How many Meraki 48 port switches can you stack?

SOLVED
MerakiMed
Getting noticed

How many Meraki 48 port switches can you stack?

I'm looking to replace an old 4510R w 350 ports. Any issue stacking seven
Meraki switches to serve as the replacement? Office environment - no

huge bandwidth requirements.

1 ACCEPTED SOLUTION
alemabrahao
Kind of a big deal
Kind of a big deal

Up to eight Meraki MS switches can be configured in a physical stack to allow for high-speed communication between devices.

Only like-models can be stacked. For example, MS350-48 and MS350-24X can be stacked, but MS250-48 cannot be stacked with a MS350-48. The MS210 and MS225 series are also cross-compatible with physical stacking.

Physical stacking is available on MS210, MS225, MS250, MS350, MS355, MS390 and MS410 switches, which include dedicated stacking ports. This section describes physical stacking.

Flexible stacking is available on MS420 and MS425 switches which do not have dedicated stacking ports; any port on these switches can be configured as a stack port. 

 

https://documentation.meraki.com/MS/Stacking/Switch_Stacks#:~:text=Up%20to%20eight%20Meraki%20MS,hig....

I am not a Cisco Meraki employee. My suggestions are based on documentation of Meraki best practices and day-to-day experience.

Please, if this post was useful, leave your kudos and mark it as solved.

View solution in original post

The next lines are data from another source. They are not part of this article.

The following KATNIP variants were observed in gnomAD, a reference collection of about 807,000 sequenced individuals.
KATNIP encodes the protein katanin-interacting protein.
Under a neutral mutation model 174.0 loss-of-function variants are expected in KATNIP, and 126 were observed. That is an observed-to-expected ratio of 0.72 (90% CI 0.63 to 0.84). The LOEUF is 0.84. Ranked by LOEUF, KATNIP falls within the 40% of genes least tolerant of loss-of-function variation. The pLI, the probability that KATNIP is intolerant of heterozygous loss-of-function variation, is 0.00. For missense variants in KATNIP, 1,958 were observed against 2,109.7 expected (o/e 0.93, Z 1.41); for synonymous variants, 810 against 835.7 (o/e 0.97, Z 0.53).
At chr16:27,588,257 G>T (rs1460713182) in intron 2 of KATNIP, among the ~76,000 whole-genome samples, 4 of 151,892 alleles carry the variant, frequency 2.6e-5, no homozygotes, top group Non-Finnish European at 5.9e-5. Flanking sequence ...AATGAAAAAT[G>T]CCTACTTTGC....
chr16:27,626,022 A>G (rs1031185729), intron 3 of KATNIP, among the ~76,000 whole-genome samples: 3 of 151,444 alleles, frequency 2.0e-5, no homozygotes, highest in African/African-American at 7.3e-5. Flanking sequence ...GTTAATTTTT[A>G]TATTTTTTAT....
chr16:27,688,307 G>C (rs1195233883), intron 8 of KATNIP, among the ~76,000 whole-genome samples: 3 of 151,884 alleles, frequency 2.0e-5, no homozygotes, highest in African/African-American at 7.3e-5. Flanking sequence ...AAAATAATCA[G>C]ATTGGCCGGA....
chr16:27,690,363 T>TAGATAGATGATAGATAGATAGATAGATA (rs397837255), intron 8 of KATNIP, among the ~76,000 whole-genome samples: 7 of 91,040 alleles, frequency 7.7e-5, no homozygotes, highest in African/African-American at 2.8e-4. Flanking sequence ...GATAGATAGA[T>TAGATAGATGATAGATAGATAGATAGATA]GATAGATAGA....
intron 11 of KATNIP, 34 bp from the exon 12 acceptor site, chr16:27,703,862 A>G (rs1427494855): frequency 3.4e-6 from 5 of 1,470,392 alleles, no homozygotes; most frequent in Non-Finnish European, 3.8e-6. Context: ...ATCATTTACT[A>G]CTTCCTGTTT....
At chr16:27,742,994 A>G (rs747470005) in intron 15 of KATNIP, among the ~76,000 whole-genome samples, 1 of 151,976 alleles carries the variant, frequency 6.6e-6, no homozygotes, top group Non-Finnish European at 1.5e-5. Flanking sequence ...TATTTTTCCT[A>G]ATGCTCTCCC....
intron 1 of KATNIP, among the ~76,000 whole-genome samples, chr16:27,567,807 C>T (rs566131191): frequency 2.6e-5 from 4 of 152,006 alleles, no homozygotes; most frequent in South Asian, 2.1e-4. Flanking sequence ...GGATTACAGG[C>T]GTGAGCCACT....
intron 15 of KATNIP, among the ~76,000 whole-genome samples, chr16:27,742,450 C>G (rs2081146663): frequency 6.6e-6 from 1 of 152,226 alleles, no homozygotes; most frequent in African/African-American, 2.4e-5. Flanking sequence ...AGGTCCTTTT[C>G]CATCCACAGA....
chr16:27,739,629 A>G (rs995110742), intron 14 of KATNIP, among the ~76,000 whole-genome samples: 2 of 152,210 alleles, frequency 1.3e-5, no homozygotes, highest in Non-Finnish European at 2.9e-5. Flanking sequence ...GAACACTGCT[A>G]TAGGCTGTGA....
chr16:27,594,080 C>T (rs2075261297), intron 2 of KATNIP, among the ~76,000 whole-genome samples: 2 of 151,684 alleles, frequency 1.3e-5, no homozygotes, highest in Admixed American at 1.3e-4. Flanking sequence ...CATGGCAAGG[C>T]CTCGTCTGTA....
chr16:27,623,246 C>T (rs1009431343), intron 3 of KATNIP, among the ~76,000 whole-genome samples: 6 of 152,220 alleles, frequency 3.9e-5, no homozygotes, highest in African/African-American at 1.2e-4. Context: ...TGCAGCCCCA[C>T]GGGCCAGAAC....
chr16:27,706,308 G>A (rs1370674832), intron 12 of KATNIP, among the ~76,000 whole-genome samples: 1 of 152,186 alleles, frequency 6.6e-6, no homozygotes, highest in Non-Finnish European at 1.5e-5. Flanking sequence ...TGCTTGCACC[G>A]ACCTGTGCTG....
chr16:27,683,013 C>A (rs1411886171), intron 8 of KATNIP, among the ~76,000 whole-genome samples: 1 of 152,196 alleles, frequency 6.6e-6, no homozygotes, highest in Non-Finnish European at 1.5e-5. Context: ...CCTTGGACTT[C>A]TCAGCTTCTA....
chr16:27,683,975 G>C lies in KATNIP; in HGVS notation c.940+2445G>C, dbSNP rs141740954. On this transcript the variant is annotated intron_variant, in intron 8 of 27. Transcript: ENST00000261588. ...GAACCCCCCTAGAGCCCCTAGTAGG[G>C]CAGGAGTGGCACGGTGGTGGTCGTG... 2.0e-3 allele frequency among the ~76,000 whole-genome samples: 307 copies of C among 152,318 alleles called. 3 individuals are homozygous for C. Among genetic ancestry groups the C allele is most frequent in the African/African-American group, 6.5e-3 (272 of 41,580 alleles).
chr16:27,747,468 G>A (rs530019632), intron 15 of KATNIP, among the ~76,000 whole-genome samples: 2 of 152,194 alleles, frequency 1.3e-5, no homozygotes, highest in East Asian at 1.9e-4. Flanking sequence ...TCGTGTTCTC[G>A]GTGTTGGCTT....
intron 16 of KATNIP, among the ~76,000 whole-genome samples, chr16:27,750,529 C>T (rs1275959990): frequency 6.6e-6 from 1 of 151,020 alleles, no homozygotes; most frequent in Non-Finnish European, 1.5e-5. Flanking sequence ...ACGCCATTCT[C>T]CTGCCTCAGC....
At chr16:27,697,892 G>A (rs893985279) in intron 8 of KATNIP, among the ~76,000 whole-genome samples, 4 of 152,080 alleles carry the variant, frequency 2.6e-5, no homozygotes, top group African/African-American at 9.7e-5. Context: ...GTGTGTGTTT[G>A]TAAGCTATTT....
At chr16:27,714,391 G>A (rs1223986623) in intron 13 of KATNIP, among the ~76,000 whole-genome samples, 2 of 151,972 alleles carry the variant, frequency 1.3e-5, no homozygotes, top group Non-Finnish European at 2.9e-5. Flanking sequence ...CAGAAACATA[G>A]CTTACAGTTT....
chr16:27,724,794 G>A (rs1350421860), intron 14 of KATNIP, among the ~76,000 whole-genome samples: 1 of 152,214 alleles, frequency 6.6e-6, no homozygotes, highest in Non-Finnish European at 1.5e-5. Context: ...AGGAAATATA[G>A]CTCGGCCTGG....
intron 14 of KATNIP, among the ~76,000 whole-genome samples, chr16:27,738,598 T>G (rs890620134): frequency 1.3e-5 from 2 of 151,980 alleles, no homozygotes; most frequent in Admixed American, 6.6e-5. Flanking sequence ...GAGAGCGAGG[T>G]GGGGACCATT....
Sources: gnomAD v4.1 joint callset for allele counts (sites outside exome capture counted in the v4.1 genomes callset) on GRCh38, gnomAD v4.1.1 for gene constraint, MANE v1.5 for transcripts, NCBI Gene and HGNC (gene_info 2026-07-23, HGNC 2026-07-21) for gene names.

2 REPLIES 2
alemabrahao
Kind of a big deal
Kind of a big deal

Up to eight Meraki MS switches can be configured in a physical stack to allow for high-speed communication between devices.

Only like-models can be stacked. For example, MS350-48 and MS350-24X can be stacked, but MS250-48 cannot be stacked with a MS350-48. The MS210 and MS225 series are also cross-compatible with physical stacking.

Physical stacking is available on MS210, MS225, MS250, MS350, MS355, MS390 and MS410 switches, which include dedicated stacking ports. This section describes physical stacking.

Flexible stacking is available on MS420 and MS425 switches which do not have dedicated stacking ports; any port on these switches can be configured as a stack port. 

 

https://documentation.meraki.com/MS/Stacking/Switch_Stacks#:~:text=Up%20to%20eight%20Meraki%20MS,hig....

I am not a Cisco Meraki employee. My suggestions are based on documentation of Meraki best practices and day-to-day experience.

Please, if this post was useful, leave your kudos and mark it as solved.
PhilipDAth
Kind of a big deal
Kind of a big deal

Personally, I don't like putting more than 4 or 5 switches into a stack.  In a perfect world, you should be able to stack to the max, but the reality is this is all running on software, and software can have bugs, and the larger a single stack the greater the likelihood of running into stacking bugs that take everything out.

 

In this case, I would stack two switches together to form a network core.  Then create two stacks of 3 switches that hang off the network core.  This is a nice network design.

 

You could also create two stacks of 4 switches.

Get notified when there are additional replies to this discussion.
Welcome to the Meraki Community!
To start contributing, simply sign in with your Cisco account. If you don't yet have a Cisco account, you can sign up.
Labels